Feel the power

Jesse Ausubel takes the next ‘Seminars About Long-Term Thinking’, on 13th January 2015. I’ll link to it here, when it’s available. For now, the Long Now is trailing Ausubel’s optimistic “Nature is Rebounding” talk with an informative primer

“As industry evolves, Ausubel argues, it constantly finds ways to use fewer material resources for every unit of production, thus decreasing its consumption of the world’s natural resources, including land. … Human culture is poised to realize technology’s potential to liberate the environment, Ausubel suggests: we need simply to pursue our drive toward efficiency and greater convenience. This drive might just allow us to have our cake and eat it, too — a prosperous and growing human society amid a thriving natural environment.”

I’d note that progress is also broadly pushing down the amount of domestic resource consumption, when measured in terms of electricity use. For instance, according to the recent British government paper “Energy Consumption in the UK (2014): Domestic energy consumption in the UK between 1970 and 2013”

“Since 2000 [overall annual] domestic energy use has decreased by 7 per cent, whilst there has been an increase of 11 per cent in the number of UK households and a 9 per cent increase in the UK population. At a per household level, energy consumption has fallen by 9 per cent since 2000. […] Electricity consumption from lighting and cold appliances [fridges] fell 24 per cent and 19 per cent respectively between 2000 and 2013.”

So this is good news, at least until you open your electricity bill. Our usage is going down, but the price goes ever upward. This is mostly due to new ‘green’ taxes and subsidies for pointless wind-farms…

“The most recent increases in electricity bills across Europe are primarily due to higher taxes and levies, including support for renewable energy” (The Guardian, 14th April 2014)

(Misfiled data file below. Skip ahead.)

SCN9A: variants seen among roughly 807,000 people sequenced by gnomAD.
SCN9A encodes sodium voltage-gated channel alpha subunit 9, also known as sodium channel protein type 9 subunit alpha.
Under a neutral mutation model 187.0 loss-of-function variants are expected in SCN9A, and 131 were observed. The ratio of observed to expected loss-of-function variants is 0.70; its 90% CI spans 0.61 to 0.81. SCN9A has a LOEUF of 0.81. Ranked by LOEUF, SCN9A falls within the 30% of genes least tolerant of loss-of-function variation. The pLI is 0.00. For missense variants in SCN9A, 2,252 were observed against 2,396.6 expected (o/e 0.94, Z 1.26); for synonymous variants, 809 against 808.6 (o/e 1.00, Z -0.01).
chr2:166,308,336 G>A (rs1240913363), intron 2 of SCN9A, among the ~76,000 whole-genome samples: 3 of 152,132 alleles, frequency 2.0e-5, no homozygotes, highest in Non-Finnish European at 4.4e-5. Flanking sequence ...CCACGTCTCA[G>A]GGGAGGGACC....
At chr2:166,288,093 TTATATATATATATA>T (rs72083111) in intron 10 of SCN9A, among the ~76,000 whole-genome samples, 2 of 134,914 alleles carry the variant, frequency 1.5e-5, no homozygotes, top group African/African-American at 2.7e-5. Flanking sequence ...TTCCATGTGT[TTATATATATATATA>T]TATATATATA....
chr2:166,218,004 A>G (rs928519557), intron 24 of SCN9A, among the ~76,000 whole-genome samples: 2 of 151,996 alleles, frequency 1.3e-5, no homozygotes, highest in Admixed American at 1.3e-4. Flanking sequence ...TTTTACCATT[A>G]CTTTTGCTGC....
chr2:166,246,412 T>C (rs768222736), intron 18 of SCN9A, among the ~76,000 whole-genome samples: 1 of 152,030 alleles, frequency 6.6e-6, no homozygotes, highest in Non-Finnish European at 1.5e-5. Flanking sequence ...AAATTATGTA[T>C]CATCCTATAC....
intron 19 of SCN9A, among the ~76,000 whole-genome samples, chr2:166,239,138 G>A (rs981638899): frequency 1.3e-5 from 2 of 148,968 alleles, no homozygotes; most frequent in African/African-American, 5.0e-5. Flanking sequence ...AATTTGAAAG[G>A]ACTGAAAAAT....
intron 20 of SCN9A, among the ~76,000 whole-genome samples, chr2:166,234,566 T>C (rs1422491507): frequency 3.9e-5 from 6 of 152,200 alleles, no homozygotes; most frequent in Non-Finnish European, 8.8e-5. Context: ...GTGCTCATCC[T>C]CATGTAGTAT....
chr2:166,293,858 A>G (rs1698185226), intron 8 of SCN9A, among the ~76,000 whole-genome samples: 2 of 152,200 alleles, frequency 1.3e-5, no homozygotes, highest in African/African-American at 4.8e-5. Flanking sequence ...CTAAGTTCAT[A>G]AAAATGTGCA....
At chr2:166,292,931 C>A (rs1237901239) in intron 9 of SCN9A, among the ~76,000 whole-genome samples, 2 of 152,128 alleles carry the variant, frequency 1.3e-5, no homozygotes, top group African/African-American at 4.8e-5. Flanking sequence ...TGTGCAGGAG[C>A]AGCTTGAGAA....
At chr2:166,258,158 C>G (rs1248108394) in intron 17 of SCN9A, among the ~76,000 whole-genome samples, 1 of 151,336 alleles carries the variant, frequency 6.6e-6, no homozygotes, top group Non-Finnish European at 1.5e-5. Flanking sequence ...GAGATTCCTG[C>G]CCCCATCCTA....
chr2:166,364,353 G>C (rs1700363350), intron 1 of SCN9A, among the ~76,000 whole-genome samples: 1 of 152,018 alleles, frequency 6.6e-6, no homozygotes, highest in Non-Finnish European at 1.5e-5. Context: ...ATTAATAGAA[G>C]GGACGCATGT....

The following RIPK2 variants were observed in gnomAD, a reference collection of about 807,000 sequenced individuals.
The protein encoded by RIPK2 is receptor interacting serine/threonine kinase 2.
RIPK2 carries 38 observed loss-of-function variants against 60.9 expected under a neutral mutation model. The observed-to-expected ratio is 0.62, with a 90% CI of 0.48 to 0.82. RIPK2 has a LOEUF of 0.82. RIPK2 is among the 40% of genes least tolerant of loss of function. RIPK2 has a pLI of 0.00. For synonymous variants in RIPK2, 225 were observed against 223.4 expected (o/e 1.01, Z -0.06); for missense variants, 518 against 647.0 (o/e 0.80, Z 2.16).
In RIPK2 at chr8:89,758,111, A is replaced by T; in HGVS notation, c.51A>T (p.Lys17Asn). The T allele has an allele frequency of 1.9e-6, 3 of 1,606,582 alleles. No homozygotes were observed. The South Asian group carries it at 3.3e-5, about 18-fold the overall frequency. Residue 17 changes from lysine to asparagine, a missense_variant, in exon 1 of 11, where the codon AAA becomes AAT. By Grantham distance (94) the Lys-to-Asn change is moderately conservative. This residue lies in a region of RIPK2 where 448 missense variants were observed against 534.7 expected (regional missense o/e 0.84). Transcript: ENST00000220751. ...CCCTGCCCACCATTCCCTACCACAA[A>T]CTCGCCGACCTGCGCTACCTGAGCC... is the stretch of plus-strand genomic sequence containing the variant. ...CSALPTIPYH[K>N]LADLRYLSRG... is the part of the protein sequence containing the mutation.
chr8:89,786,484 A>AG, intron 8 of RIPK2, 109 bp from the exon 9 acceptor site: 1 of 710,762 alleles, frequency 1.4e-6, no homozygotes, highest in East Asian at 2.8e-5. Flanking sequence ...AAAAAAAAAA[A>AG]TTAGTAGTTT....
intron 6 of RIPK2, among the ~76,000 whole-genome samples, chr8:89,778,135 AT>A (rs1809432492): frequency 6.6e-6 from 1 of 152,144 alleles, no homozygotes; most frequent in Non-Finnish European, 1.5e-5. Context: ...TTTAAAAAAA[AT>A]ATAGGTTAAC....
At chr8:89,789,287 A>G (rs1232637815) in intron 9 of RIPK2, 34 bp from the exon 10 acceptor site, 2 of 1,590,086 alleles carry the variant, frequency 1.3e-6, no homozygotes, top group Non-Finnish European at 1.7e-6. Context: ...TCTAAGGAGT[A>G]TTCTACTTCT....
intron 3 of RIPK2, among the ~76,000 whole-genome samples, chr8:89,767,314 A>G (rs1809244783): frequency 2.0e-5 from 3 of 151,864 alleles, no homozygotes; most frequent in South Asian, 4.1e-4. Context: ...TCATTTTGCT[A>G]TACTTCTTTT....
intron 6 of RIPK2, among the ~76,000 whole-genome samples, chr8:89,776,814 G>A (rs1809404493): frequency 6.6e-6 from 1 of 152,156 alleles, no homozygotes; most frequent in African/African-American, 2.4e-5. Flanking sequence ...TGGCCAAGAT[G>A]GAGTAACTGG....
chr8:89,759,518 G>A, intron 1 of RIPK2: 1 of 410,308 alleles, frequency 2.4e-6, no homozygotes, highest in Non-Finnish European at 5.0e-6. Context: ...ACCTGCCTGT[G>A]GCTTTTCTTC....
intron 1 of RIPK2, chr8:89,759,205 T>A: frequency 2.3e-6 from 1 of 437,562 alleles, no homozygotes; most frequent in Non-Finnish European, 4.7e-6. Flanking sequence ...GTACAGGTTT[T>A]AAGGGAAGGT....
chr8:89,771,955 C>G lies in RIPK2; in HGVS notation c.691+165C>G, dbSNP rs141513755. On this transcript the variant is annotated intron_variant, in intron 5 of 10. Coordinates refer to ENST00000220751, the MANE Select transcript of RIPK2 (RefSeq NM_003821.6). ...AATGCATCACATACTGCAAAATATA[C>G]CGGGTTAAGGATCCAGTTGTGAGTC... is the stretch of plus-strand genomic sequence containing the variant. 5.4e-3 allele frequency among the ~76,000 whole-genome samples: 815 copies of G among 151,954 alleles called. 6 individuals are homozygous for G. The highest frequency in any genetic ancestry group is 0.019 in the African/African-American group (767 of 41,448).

But the UK’s long-term picture on domestic energy use is very good. Look at the orange line in this chart from “Energy Consumption in the UK (2014)”, which shows that energy use per person has hardly changed compared to 1970

domestic

This has remained broadly steady despite our uptake of electric heating, domestic gadgets and appliances, and colour TVs. Yet even our huge new TV’s are now using less power and are likely to use even less by 2020…

falling

You may notice that home computing is conveniently missing from the above UK government graph. PCs are indeed energy hogs…

“Computers, printers, monitors and laptops make up around 13% of the electricity used in your home, according to the Energy Saving Trust.” (Which magazine)

But even PCs are now seeing small overall reductions, most likely due to the flush of new spending as the UK emerged from recession…

“Consumption by home computing appliances fell for the first time between 2012 and 2013 by 2 per cent” (Energy Consumption in the UK 2014)”

This was probably caused by: i) owners finally replacing their PC base units and monitors; ii) buying newer and more efficient gaming consoles; iii) casual users switching to either a laptop or a tablet PC, and leaving their old full desktop PC and monitor to gather dust. But there are still huge strides to be taken in making desktop gaming PCs more efficient.

Of course, this doesn’t measure all the other consumption and resource importation that happens annually in the domestic space. I’d be interested to see a robust calculation of that. I’d be willing to bet that the average household has become more efficient compared to a 1970 baseline. Especially those with low energy appliances, solar panels, and good insulation. At the grid level, electricity transmission costs are said to be orders of magnitude smaller than they were in the 1970s, and the electricity can also be transmitted further without loss. This is due to a complicated new technology, but it’s robust and works well. So well that the UK is now planning a new £4b power link across the sea to Ireland. Previously spaghetti-like power grids can now be made sense of instantly by new algorithms, which suck up data and make accurate predictions about demand and how to route it.

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